Advanced Poetry Advanced Poetry Advanced Poetry

Advanced Poetry

If you’re a committed aspiring poet hoping to take your writing to the next level, join Daljit Nagra and Rachael Allen for this six-month course at the home of British poetry.

Level

Advanced

What do these levels mean?

Location

Online

Length

6 month +
  • Start Date
  • Time
  • Mondays, 19.00 – 20.30
  • Application Deadline
  • Monday 20 Sep 2021

15
Spaces left

£2500

£2500

£400 / month for 5 months and a £500.00 deposit

Clear
Quantity:

View payment options

The application deadline for this course has now passed.

0/5 (0 Reviews)

Dedicate six months to your craft

From Eliot to Plath to Walcott to Heaney, Faber has been at the heart of the poetic world for ninety years. Where better to work on your own poems? Combining the rigour and camaraderie of Faber Academy's London courses with the flexibility of the online space, this new six-month poetry course is for the serious, committed poet working towards a first pamphlet or collection.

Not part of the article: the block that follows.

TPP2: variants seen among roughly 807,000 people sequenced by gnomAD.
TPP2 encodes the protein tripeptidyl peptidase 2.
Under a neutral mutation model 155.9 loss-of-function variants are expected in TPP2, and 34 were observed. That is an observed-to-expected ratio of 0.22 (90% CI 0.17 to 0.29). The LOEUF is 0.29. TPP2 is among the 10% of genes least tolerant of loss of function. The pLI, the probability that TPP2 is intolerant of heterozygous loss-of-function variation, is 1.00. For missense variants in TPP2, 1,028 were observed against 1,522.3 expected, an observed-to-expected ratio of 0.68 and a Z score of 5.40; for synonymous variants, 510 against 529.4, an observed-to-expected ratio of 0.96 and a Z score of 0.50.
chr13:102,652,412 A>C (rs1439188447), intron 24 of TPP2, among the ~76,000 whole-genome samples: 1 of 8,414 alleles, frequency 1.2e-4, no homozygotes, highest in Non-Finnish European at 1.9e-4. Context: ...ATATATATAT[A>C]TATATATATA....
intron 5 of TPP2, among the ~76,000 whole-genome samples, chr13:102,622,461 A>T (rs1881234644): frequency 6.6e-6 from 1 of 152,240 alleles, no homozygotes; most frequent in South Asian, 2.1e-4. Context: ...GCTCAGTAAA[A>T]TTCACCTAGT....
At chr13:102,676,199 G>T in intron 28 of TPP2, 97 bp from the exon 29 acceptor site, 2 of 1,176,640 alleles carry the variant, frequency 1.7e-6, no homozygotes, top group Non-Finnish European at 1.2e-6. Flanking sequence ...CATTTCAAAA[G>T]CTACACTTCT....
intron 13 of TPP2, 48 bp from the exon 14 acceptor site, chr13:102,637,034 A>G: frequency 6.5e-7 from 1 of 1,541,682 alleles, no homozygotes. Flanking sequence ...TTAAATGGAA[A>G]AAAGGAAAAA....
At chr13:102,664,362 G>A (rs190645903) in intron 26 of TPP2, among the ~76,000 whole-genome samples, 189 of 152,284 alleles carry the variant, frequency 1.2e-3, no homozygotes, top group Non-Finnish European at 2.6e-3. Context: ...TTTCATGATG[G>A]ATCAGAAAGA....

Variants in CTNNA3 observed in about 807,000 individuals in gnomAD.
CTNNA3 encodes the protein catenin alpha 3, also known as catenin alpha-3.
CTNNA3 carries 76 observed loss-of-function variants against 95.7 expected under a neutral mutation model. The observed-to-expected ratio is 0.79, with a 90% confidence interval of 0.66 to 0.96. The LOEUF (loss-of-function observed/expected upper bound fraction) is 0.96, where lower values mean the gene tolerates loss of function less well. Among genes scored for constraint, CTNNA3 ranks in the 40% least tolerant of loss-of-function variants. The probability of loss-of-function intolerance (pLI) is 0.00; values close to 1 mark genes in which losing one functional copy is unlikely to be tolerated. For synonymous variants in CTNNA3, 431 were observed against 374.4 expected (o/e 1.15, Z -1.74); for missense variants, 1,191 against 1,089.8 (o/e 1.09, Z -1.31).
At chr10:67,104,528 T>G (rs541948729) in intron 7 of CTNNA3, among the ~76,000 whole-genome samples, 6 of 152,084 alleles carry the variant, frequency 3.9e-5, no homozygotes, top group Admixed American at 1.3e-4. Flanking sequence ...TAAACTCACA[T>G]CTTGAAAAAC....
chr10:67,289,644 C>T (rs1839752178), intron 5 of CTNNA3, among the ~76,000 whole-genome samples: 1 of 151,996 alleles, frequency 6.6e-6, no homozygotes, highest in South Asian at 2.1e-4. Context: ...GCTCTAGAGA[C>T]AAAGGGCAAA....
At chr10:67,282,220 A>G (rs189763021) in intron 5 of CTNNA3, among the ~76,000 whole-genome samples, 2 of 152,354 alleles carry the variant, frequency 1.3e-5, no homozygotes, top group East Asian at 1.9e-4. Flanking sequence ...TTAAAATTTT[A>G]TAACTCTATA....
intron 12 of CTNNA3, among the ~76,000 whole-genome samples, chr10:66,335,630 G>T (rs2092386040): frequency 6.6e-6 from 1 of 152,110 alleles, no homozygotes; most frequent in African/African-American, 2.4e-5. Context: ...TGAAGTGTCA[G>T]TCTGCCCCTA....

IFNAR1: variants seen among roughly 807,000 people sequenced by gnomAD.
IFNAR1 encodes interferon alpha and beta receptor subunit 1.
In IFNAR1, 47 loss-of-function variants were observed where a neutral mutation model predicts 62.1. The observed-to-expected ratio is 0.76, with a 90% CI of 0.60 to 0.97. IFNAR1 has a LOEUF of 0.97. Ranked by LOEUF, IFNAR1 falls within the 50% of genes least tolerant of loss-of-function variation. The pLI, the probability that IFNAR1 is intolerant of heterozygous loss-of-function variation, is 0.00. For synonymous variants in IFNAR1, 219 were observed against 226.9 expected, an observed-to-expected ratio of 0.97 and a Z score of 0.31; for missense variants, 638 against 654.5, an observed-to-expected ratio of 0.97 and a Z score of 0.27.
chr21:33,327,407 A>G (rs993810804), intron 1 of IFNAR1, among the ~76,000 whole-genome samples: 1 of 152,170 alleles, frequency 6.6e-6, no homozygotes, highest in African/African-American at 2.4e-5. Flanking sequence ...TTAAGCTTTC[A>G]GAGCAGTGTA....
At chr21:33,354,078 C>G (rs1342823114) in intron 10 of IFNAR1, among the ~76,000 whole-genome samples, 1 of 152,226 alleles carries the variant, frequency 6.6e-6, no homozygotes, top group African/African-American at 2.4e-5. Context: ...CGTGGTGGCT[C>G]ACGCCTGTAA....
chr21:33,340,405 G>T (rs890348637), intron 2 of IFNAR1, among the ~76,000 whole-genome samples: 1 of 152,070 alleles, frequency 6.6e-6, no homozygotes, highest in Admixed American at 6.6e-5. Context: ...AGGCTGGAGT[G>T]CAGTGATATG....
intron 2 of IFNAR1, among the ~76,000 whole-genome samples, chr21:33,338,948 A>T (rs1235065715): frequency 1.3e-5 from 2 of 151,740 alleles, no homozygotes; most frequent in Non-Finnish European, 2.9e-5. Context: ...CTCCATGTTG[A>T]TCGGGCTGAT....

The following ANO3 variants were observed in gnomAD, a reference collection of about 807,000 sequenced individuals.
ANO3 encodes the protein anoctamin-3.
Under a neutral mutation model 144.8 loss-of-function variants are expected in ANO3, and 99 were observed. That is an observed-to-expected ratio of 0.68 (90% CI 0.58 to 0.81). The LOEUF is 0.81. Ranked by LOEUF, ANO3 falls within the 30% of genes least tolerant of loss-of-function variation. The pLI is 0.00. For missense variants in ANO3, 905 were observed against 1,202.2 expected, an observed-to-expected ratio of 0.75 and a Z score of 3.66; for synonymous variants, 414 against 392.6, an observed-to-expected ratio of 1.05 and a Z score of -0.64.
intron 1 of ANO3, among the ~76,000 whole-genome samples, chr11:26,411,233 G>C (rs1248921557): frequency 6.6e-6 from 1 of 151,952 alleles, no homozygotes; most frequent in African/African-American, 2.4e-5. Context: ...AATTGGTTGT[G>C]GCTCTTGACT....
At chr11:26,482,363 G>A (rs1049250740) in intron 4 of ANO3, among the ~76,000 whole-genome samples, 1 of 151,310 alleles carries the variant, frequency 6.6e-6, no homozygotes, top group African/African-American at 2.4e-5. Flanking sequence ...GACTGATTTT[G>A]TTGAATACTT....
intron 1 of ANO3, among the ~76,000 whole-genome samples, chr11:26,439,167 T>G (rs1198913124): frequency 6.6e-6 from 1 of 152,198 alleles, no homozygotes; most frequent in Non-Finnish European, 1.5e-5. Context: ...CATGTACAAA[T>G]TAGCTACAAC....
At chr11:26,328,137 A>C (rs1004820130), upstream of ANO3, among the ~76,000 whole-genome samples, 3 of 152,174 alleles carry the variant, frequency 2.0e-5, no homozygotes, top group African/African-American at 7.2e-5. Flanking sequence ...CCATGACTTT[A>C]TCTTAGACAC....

Is this the right course for me?

This is an advanced course, so you'll already have some experience writing poetry, whether you've been writing alone or taken previous courses. You'll be serious about developing your grasp of poetic craft, ready to experiment with new techniques and forms, and committed to building up a body of work and to being a keen and supportive group member.